It's food gone bad because it was in trucks that the driver either couldn't or wouldn't turn on the refrigeration unit. "There’s nothing more dangerous than chicken that's allowed to be transported at 82 degrees," says Captain Wayne Andrews. But before a recent law change in the Hoosier State, Indiana troopers couldn't do anything about it. "We could see food in there rotting and not do anything about it," said Andrews. "No authority could do anything other than call board of health."
But today, it's an all a new ball game as evidenced by this operation earlier this month. The WHAS I-Team went along as ISP, the FDA, and Indiana State Department of Health as vehicle enforcement tracked down, pulled over and inspected every truck on Interstate 64 with a refrigeration unit.
"What I'm listening to is if that [refrigerator] is on and it will tell you the temperature of the [refrigerator] outside," explained Lazzell as we rode along with him doing food enforcement.
One driver's refrigeration unit wasn't on because he was hauling ceramic tiles and not food. Trooper Lazzell checked his load, checked his record and sent him on the way. Lazzell says he's seen some nasty stuff on these food enforcement stops. "You open the back and the stink just drove you out of there," explained Lazzell.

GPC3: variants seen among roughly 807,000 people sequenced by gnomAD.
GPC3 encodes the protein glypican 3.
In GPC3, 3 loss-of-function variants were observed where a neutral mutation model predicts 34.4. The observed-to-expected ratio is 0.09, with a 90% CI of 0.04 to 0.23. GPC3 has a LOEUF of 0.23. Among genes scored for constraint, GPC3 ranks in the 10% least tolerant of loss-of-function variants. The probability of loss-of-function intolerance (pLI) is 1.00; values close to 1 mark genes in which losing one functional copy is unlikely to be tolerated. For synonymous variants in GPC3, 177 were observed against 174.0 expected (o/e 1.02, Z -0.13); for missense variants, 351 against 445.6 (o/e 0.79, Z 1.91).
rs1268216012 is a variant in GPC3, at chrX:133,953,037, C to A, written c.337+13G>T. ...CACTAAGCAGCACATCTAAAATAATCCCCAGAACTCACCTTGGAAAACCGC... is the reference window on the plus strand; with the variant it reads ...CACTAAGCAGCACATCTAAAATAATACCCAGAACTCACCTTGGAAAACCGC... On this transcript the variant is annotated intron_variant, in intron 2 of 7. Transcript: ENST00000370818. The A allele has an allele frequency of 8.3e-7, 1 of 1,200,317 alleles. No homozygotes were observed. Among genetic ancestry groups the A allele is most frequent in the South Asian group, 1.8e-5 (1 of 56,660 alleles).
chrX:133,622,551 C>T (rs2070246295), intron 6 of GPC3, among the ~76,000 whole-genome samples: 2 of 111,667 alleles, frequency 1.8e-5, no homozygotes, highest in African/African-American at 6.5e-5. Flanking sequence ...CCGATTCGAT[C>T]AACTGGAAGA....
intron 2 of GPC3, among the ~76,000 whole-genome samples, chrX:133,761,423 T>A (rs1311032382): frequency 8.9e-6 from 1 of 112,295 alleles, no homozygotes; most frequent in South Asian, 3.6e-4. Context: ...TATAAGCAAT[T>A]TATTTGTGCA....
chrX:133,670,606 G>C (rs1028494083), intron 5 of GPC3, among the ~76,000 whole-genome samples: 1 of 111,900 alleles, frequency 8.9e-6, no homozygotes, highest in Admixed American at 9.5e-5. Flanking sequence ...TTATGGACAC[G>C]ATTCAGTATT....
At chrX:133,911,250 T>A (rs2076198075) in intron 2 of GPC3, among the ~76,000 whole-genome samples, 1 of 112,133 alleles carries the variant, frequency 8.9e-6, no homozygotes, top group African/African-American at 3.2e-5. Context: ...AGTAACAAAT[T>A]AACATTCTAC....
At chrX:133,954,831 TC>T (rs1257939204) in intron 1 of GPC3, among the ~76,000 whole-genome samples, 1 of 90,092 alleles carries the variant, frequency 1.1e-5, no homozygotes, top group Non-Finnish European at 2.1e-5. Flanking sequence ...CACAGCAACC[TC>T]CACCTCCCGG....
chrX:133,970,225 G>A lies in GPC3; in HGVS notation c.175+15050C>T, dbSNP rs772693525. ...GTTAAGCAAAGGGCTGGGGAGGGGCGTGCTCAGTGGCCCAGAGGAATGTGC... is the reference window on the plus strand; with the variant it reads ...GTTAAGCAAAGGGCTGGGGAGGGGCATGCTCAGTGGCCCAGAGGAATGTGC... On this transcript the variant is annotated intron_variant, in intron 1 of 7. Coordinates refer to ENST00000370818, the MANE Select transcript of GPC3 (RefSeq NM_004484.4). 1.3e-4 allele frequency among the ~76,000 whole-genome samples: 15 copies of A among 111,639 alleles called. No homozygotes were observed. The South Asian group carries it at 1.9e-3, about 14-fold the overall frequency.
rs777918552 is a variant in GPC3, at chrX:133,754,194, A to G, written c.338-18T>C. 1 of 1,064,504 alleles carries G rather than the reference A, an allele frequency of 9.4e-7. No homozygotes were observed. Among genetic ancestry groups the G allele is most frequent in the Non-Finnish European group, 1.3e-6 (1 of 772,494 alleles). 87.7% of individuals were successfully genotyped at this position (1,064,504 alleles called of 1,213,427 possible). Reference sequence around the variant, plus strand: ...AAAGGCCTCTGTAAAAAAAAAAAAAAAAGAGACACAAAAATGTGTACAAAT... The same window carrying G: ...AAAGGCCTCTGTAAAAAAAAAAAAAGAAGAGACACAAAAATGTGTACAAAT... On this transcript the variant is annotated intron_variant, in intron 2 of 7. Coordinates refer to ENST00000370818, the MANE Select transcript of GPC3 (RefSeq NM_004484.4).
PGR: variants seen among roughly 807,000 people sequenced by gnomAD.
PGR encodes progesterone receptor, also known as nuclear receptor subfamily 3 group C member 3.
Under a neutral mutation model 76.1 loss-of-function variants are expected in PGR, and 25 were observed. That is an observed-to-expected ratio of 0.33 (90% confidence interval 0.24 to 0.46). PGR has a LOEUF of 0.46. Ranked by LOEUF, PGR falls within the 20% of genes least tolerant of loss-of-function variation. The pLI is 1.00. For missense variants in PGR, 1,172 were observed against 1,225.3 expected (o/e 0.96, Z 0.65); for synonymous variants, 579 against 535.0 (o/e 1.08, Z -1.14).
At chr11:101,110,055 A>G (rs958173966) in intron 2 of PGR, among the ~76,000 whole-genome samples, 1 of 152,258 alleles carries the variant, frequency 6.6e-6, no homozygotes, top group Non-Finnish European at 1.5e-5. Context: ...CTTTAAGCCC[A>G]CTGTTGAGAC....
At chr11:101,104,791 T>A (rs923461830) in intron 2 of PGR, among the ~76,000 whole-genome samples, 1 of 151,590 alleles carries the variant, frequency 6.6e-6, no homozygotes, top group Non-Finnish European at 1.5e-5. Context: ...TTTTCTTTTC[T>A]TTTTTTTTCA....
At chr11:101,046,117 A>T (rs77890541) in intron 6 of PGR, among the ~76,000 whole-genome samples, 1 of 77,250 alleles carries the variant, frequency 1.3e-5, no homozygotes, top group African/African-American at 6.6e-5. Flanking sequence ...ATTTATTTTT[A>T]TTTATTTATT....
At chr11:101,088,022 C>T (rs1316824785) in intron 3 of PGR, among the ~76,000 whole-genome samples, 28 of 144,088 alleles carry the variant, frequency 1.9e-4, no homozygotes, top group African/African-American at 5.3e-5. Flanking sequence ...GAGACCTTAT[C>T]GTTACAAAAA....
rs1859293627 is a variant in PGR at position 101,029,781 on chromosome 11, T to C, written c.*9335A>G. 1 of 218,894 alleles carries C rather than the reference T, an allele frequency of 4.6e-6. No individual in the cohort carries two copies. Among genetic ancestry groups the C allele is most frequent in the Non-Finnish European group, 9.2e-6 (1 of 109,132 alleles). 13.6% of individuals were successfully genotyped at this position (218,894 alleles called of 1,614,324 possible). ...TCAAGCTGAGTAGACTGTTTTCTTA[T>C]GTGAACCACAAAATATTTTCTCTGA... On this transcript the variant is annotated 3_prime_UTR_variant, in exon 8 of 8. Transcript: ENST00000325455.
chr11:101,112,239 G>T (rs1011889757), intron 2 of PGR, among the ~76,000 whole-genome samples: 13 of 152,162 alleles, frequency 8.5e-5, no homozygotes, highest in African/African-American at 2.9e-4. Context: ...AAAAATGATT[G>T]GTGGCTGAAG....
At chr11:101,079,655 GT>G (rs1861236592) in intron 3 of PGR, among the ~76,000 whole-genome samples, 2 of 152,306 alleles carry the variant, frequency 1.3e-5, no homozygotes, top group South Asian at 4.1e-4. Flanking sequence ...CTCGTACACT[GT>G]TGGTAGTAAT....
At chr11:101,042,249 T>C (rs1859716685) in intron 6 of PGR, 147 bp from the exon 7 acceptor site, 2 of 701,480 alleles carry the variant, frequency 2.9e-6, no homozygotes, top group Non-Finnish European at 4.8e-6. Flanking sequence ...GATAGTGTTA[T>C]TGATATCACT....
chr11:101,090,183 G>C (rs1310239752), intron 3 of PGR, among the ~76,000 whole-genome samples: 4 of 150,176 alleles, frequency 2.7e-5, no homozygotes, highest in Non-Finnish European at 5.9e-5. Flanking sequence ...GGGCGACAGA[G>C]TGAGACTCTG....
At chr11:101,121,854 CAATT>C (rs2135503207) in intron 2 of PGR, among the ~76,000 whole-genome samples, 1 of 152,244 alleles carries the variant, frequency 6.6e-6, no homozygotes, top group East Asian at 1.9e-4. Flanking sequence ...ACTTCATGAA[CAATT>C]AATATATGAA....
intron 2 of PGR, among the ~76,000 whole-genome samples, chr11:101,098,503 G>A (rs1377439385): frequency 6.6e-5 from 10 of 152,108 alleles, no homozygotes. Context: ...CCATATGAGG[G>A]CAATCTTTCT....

This year alone, police stopped 118 trucks and 506 trucks in the last 5 years. They’ve tossed about 25,510 away. And now, thanks partially to Captain Wayne Andrews testimony before the house and senate, it's the haulers, and not the Department of Health (or the taxpayer), who pay for the disposal.
"We changed the law, created a whole new law that specifically addresses this problem," explains Andrews. Before Indiana legislators unanimously passed the new law, police couldn't even cite the drivers: and the food couldn't be confiscated and dumped.